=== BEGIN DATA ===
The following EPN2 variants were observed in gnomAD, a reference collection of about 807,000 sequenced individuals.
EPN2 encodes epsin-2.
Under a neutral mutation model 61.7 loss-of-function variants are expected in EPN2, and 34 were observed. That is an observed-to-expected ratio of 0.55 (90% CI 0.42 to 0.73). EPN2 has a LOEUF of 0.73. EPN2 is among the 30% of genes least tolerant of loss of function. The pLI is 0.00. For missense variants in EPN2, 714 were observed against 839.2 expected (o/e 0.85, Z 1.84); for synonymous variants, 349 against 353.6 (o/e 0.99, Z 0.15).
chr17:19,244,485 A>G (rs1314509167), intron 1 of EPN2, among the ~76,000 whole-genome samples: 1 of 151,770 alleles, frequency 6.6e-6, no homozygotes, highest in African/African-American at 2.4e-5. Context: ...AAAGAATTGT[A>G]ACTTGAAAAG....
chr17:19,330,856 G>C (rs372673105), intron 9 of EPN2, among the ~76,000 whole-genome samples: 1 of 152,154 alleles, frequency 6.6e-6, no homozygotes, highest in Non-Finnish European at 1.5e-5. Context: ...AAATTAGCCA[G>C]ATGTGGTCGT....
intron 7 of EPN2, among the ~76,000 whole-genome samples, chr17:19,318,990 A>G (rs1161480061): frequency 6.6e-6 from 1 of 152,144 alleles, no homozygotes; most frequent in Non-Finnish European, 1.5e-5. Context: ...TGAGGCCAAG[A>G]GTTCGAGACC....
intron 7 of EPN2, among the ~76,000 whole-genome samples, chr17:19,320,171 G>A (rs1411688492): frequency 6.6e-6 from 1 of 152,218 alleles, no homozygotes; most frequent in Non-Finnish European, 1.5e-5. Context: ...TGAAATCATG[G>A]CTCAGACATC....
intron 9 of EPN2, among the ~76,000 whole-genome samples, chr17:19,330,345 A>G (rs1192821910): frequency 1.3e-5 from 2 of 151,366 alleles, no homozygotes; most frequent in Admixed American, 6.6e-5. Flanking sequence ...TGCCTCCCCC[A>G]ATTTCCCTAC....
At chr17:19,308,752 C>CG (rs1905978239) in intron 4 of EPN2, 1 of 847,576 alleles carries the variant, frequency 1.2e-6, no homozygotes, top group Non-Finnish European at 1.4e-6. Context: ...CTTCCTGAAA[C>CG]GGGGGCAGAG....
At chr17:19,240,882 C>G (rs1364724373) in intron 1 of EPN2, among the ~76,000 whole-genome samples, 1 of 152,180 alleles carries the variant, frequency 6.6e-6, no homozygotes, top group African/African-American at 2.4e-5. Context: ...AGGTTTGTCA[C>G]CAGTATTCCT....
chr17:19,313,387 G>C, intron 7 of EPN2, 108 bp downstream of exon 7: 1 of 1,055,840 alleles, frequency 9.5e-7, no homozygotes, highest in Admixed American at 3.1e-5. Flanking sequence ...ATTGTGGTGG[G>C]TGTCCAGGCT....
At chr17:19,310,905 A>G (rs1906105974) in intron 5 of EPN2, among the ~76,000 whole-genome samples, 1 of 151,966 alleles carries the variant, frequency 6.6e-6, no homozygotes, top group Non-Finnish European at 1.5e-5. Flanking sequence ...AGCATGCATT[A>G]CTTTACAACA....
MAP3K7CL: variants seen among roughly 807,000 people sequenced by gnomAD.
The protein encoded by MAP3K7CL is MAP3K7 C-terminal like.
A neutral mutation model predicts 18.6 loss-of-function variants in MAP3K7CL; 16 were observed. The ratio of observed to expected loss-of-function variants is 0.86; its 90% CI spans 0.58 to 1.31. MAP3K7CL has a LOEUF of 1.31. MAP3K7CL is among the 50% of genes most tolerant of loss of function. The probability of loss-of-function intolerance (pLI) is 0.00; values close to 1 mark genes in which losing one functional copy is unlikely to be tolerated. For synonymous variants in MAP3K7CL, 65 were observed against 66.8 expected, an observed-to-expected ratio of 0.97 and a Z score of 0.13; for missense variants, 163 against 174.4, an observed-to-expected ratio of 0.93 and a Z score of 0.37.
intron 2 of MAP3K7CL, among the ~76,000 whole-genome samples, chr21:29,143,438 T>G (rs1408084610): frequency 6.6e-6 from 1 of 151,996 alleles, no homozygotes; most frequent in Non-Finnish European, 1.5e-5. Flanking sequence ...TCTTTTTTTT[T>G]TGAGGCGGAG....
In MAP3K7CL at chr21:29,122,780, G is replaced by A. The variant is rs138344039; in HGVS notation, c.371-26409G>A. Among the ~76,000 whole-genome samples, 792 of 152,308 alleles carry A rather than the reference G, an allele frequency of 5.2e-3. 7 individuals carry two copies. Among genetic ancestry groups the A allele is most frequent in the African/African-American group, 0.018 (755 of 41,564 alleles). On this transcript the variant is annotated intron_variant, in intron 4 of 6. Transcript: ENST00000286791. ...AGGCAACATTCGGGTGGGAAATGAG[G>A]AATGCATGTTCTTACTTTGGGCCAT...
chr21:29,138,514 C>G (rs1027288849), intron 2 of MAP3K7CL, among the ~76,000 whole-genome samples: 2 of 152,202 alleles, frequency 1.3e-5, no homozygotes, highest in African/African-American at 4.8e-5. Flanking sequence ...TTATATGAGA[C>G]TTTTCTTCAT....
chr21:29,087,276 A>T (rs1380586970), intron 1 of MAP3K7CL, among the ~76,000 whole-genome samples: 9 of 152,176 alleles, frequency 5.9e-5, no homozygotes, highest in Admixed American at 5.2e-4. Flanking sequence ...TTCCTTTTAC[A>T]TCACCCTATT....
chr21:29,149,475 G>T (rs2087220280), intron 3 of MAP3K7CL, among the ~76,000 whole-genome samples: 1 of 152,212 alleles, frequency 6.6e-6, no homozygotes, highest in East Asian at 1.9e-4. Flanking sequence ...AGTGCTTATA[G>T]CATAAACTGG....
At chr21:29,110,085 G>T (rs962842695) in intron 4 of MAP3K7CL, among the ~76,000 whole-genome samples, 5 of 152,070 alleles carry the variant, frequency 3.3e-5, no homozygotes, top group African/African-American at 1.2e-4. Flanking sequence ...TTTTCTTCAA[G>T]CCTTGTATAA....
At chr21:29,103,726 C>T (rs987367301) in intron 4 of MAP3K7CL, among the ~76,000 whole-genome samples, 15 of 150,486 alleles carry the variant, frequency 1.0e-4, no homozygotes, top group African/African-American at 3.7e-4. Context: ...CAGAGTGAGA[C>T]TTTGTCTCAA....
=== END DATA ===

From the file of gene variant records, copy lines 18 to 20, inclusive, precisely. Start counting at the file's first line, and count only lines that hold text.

chr21:29,138,514 C>G (rs1027288849), intron 2 of MAP3K7CL, among the ~76,000 whole-genome samples: 2 of 152,202 alleles, frequency 1.3e-5, no homozygotes, highest in African/African-American at 4.8e-5. Flanking sequence ...TTATATGAGA[C>G]TTTTCTTCAT....
chr21:29,087,276 A>T (rs1380586970), intron 1 of MAP3K7CL, among the ~76,000 whole-genome samples: 9 of 152,176 alleles, frequency 5.9e-5, no homozygotes, highest in Admixed American at 5.2e-4. Flanking sequence ...TTCCTTTTAC[A>T]TCACCCTATT....
chr21:29,149,475 G>T (rs2087220280), intron 3 of MAP3K7CL, among the ~76,000 whole-genome samples: 1 of 152,212 alleles, frequency 6.6e-6, no homozygotes, highest in East Asian at 1.9e-4. Flanking sequence ...AGTGCTTATA[G>T]CATAAACTGG....